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Flame

Re: A well-timed statement of any kind from dear old W.

Presumably it is precisely because they operate under the impression that the country is a business that they fail to run it well.

When you think about it, a successful business maximizes profit whilst minimizing cost. Ok, working out how to do that with any real business is usually pretty hard, but the principle is simple enough. People will pay you for whatever it is your business does, and your job is to do that as cheaply as possible to make the difference between what you're paid and what it costs as big as possible (and in your favour, obviously.)

So, to improve profits, you either raise prices - which in business would scare off customers, so that's a bad thing - or cut operating costs.

And here comes the problem. A government has costs which remain broadly static. There's a lot of expensive shit that _has_ to be paid for, and that's an end of it. The military, the police, national infrastructure, healthcare (what of it the US has)... all these things need paying for, and whilst for sure there's a shit ton of waste in the way the US goes about that, there's not so much that operating costs can really be made much smaller. Not without utterly ruining the product that is - which of course is what we generally think is happening when we look at the state that the US is in these days and what people are getting out of their government in terms of service to the public.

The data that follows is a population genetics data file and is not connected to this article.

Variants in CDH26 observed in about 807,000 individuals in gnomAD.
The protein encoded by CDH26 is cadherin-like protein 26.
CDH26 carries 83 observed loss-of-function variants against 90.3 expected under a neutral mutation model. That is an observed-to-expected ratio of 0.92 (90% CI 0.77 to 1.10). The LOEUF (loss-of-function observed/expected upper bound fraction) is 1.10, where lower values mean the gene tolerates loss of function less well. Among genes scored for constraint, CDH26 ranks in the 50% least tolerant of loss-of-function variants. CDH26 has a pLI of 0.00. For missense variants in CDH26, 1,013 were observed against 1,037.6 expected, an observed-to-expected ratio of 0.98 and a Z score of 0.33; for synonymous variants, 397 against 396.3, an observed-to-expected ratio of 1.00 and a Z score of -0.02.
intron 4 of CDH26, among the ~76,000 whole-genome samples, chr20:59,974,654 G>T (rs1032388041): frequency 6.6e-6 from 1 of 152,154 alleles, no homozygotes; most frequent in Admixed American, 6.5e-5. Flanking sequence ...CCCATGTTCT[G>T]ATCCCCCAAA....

So, if you can't cut costs, you have to raise the price - and Republicans are ideologically opposed to doing that because they're still thinking like the government is a business, and raising the price scares off customers.

This is of course, nonsense. The "Price", when one is buying government, is "Taxation". Republicans like cutting taxes not increasing them but with a government, unlike a business, raising taxes doesn't scare off the customer because the customer has NO CHOICE but to pay them!